Short Title:Screen Studies
Full Title:Screen Studies
Module Code:SCRN H3003
Credits: 5
NFQ Level:7
Field of Study:Audio-visual techniques and media production
Module Delivered in no programmes
Module Description:This module further develops students’ understanding and critical engagement with their media environment, concentrating both on innovations in traditional genres and on digital screen media, genres and forms. The aim is to introduce students to more recent works which attempt to theorize contemporary visual culture concentrating on emerging relations of production and consumption.
Learning Outcomes
On successful completion of this module the learner will be able to:
LO1 Critically examine currently popular and emerging digital environments and practices relating these to their cultural and political contexts
LO2 Examine the complex interdependencies emerging between different screen media at the level of technologies, texts, audiences and institutions
LO3 Analyse issues of meaning and power as articulated in a range of media forms
Pre-requisite learning
Co-requisite Modules
No Co-requisite modules listed

Module Content & Assessment

Content (The percentage workload breakdown is inidcative and subject to change) %
Surveillant Society
The rise of surveillant society and the panoptic/synoptic principle in every day life; from disciplinary societies to societies of control; the political, cultural and social significance of contemporary dataveillance, dataism and datafication.
Digital/Postdigital Cultures
Participatory culture and issues of networked sociality. Themes may include, digital identity and community, computer gaming, digital and transmedia storytelling/emerging technologies and practices, locative, ubiquitous and pervasive computing; the language of animation, oppositional politics and the internet
Contemporary Genre Studies
Television in the post broadcasting era (This section of the module may be modified to adjust to changing media landscape)
Assessment Breakdown%
Course Work50.00%
End of Module Formal Examination50.00%
Course Work
Assessment Type Assessment Description Outcome addressed % of total Assessment Date
Assignment Students may be required to complete an essay of approximately 2000 words. The purpose of the essay should be to allow students to explore in more detail one of the themes covered in the first half of the module. 1,2,3 30.00 n/a
Continuous Assessment Students may be required to identify appropriate research questions with indicative reading lists relating to the subjects addressed in the first section of the module 1,2,3 20.00 n/a
End of Module Formal Examination
Assessment Type Assessment Description Outcome addressed % of total Assessment Date
Formal Exam End-of-Semester Final Examination 1,2,3 50.00 End-of-Semester
Reassessment Requirement
Repeat examination
Reassessment of this module will consist of a repeat examination. It is possible that there will also be a requirement to be reassessed in a coursework element.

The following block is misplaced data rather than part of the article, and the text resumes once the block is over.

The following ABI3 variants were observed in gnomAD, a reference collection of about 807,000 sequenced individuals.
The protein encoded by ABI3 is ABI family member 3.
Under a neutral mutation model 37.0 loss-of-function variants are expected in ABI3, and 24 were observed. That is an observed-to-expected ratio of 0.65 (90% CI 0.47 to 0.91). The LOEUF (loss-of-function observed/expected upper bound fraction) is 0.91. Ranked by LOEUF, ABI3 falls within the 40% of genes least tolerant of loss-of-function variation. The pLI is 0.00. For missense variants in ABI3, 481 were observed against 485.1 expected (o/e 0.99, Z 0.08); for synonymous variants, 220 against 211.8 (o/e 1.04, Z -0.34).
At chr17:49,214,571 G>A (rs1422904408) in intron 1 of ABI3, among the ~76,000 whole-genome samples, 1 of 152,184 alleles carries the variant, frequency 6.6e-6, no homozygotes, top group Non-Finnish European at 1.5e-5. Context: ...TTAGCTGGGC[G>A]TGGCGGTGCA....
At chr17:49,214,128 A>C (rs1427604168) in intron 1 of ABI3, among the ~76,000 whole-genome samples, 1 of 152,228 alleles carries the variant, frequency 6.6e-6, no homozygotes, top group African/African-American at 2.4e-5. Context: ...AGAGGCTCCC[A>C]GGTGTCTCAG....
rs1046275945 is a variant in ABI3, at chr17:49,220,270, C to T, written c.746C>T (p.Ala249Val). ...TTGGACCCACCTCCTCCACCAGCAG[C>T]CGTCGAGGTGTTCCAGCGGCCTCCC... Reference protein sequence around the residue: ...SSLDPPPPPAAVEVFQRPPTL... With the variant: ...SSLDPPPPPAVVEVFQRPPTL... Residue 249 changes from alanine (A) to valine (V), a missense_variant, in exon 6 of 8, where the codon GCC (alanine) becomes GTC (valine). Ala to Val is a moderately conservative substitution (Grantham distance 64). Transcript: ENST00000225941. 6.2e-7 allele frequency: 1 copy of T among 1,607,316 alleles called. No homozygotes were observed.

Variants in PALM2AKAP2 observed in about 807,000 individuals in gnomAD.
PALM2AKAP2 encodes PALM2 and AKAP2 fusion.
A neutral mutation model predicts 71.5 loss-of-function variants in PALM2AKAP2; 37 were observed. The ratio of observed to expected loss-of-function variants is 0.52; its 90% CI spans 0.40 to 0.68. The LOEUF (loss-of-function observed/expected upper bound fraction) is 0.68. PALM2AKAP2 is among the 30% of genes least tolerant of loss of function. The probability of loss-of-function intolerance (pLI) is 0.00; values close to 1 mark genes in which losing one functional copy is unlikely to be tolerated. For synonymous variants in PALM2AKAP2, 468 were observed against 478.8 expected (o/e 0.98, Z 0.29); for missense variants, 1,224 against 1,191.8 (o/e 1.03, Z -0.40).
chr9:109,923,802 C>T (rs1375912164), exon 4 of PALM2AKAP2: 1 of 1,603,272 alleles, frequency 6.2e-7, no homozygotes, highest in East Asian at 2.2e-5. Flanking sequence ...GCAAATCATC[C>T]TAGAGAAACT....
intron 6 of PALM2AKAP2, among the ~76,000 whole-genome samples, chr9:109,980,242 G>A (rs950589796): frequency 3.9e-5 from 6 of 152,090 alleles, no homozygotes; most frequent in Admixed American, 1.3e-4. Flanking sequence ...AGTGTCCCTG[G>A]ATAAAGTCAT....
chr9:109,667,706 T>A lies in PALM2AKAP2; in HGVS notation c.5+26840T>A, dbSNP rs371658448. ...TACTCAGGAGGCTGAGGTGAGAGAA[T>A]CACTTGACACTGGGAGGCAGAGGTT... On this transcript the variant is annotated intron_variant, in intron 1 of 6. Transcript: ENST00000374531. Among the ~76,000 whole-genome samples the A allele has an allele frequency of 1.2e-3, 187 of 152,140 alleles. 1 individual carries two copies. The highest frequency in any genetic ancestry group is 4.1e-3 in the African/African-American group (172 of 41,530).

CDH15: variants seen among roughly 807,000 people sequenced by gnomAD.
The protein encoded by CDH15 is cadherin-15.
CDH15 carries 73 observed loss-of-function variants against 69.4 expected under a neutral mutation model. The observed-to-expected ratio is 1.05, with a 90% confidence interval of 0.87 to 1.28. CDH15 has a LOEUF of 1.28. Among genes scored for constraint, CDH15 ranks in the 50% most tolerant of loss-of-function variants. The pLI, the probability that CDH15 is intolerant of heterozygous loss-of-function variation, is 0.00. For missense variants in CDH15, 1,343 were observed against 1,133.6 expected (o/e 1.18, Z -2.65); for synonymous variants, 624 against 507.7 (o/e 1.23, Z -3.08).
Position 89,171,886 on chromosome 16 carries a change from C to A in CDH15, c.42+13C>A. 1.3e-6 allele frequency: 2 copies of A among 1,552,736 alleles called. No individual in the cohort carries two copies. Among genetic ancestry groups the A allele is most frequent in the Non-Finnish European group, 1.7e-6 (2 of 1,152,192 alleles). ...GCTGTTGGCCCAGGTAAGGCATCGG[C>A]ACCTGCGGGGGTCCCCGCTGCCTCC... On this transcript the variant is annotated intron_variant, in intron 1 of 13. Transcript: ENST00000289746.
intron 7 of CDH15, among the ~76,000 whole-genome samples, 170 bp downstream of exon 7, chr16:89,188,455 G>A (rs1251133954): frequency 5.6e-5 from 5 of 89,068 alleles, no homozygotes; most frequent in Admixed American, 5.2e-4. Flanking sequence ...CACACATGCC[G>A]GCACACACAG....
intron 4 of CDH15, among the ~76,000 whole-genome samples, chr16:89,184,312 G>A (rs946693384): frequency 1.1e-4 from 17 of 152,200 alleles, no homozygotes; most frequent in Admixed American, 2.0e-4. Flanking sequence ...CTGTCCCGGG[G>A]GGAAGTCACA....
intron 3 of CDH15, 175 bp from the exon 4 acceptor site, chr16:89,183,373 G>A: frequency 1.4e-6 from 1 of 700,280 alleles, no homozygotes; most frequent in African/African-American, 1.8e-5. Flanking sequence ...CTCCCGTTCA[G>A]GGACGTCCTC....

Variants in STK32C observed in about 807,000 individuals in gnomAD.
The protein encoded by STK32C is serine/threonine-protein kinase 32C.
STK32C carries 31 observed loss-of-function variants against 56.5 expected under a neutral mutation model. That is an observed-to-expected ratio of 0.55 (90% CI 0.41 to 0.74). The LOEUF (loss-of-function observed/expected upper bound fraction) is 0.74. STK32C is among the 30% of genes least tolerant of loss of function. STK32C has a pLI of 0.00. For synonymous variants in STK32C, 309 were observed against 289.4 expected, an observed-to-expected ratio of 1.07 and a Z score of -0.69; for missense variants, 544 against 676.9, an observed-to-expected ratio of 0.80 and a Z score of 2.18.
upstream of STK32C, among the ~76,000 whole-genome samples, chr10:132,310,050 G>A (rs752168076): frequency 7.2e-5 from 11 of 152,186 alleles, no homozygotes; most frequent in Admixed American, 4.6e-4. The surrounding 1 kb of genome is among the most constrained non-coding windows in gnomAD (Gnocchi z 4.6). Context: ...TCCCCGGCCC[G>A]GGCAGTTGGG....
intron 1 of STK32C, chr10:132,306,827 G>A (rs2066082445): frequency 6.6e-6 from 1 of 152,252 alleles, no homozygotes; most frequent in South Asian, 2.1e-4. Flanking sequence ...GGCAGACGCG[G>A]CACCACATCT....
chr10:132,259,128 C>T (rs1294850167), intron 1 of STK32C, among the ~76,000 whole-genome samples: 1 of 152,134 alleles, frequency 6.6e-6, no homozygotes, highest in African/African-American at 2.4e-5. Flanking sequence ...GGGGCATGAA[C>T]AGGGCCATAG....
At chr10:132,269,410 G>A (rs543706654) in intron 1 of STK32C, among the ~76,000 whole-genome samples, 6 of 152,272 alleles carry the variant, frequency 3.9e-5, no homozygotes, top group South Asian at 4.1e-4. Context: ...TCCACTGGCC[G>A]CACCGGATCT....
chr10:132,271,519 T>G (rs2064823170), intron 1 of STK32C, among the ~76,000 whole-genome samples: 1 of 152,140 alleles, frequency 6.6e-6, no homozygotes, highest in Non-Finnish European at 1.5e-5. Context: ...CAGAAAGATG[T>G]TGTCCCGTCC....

IT Tallaght reserves the right to alter the nature and timings of assessment


Module Workload

Workload: Full Time
Workload Type Workload Description Hours Frequency Average Weekly Learner Workload
Lecture Lecture and student led discussion 3.00 Every Week 3.00
Independent Learning Time Reading, viewing, research 3.00 Every Week 3.00
Total Weekly Learner Workload 6.00
Total Weekly Contact Hours 3.00
This module has no Part Time workload.

Module Resources

Recommended Book Resources
  • Siapera,E., 2018, Understanding New Media, Sage [ISBN: 978-144629710]
  • Lindgren, S., 2017, Digital Media and Society, Sage [ISBN: 978-147392501]
  • Jenkins, H., et al 2015, Participatory Culture in a Networked Era: A Conversation on Youth, Learning, Commerce, and Politics, Polity Press [ISBN: 978-074566071]
  • Vincent Miller, 2011, Understanding Digital Culture, Sage [ISBN: 9781847874979]
  • Larissa Hjorth et al 2018, Locating the Mobile: Understanding Mundane Locative Media Practice in Households, Palgrave Pivot [ISBN: 978-331967127]
  • Sherry Turkle, 2011, Alone Together: Why We Expect More from Technology and Less from Each Other, Readhowyouwant [ISBN: 978-1459609020]
  • Frith, J., 2015, Smartphones as Locative Media, Polity [ISBN: 978-074568501]
  • Boyd, D., 2015, It's Complicated: The Social Lives of Networked Teens, Yale University Press [ISBN: 978-030019900]
  • Rettberg, J., 2014, Seeing Ourselves Through Technology: How We Use Selfies, Blogs and Wearable Devices to See and Shape Ourselves, Palgrave
  • Gere, C. 2008, Digital Cultures, Reaktion Books
  • Dwyer, T., 2010, Media Convergence, Open Uni Press
  • Jenkins,H. 2006, Convergence Culture: Where Old and New Media Collide, NYU Press New York
  • Ong, W. 2003, Orality and Literacy: The technologizing of the word, Routledge
  • Gerard Goggin 2011, Global mobile media, Routledge NY [ISBN: 9780415469180]
  • edited by Zizi Papacharissi 2011, A networked self : Identity Community and Culture on Social Network Sites, Routledge New York [ISBN: 9780415801812]
  • Welles, P. 1998, Understanding Animation, Routledge
  • Welles, P. 2003, Animation and America, Edinburgh Univ Press
  • Welles, P. 2002, Animation Genre and Authorship, Wallflower Press
  • Leslie, E. 2001, Hollywood Flatlands: Animation, Critical Theory and the Avant Garde, Verso
  • Wolf, M.J. 2003, The Medium of the Videogame, Fourth Estate
  • Simon Egenfeldt-Nielsen 2016, Understanding Videogames, Routledge [ISBN: 978-113884982]
  • Isbister, K., 2016, How Games Move Us: Emotion by Design, MIT Press [ISBN: 978-026203426]
  • Chalaby, J., 2015, The Format Age: Television's Entertainment Revolution, Polity Press [ISBN: 978-150950259]
This module does not have any article/paper resources
Other Resources